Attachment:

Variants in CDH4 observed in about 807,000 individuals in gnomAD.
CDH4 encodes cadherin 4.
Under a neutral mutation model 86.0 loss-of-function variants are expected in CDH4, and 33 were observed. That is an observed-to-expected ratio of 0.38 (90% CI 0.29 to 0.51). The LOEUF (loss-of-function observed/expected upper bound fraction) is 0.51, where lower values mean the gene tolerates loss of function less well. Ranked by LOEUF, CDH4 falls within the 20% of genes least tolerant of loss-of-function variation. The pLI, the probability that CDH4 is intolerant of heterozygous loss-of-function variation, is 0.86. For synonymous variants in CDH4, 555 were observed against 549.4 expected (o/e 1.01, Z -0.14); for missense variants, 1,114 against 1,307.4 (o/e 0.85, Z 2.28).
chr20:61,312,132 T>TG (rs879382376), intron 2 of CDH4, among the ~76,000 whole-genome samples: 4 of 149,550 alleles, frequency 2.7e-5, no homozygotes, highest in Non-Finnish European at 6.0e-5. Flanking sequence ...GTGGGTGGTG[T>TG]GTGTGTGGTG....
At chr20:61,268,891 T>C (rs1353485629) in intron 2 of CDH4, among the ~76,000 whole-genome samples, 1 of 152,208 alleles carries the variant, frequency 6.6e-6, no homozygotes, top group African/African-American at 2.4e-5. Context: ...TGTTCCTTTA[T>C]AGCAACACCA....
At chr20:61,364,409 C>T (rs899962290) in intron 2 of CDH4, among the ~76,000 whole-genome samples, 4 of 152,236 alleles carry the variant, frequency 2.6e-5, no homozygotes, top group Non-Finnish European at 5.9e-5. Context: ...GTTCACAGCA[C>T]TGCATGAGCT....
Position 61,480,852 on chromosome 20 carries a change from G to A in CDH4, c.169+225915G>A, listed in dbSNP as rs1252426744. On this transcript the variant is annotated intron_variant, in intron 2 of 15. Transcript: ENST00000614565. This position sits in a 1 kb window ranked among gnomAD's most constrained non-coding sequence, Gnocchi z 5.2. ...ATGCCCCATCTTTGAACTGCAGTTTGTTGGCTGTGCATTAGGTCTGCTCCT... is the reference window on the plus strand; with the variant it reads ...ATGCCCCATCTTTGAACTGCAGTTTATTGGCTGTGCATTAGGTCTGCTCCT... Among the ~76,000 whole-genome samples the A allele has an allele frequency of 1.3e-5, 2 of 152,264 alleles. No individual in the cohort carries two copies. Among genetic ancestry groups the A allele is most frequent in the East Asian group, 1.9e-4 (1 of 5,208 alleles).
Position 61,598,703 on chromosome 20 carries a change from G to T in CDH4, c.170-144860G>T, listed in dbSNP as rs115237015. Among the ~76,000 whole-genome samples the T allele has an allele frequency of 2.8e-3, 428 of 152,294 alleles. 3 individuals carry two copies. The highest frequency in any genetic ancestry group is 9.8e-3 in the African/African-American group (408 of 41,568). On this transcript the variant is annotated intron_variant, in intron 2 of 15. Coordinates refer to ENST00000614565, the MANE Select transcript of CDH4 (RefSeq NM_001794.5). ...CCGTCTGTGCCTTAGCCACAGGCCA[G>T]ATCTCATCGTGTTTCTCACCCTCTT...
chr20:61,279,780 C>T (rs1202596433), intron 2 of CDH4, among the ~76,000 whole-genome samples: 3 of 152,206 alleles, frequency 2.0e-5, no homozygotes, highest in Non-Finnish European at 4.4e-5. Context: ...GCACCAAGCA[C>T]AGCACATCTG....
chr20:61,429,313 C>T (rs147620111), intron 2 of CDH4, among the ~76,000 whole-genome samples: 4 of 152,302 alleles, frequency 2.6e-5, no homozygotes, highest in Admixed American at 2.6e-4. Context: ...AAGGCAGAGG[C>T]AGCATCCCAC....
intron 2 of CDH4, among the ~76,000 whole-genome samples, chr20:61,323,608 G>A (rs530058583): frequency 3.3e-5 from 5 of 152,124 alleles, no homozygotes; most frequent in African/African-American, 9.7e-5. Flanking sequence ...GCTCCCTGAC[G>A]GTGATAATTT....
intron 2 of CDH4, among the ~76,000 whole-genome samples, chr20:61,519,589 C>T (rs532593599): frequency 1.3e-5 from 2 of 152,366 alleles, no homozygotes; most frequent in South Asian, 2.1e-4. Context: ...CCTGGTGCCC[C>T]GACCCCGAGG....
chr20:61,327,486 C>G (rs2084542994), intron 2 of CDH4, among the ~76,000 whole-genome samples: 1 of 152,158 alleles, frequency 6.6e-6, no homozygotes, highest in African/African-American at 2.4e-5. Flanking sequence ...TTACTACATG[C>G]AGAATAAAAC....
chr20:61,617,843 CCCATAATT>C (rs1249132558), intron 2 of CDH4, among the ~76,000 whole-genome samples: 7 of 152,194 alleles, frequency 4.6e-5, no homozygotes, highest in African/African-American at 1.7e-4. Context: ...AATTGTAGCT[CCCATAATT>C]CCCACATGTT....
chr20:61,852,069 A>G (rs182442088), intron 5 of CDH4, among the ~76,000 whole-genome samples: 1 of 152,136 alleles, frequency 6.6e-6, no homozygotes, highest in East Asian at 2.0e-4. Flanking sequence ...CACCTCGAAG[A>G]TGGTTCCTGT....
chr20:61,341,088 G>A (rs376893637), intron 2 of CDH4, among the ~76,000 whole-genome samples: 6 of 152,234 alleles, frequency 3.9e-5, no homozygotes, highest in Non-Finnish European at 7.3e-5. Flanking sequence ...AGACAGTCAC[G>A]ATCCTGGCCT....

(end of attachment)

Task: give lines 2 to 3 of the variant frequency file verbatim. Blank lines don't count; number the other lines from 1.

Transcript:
CDH4 encodes cadherin 4.
Under a neutral mutation model 86.0 loss-of-function variants are expected in CDH4, and 33 were observed. That is an observed-to-expected ratio of 0.38 (90% CI 0.29 to 0.51). The LOEUF (loss-of-function observed/expected upper bound fraction) is 0.51, where lower values mean the gene tolerates loss of function less well. Ranked by LOEUF, CDH4 falls within the 20% of genes least tolerant of loss-of-function variation. The pLI, the probability that CDH4 is intolerant of heterozygous loss-of-function variation, is 0.86. For synonymous variants in CDH4, 555 were observed against 549.4 expected (o/e 1.01, Z -0.14); for missense variants, 1,114 against 1,307.4 (o/e 0.85, Z 2.28).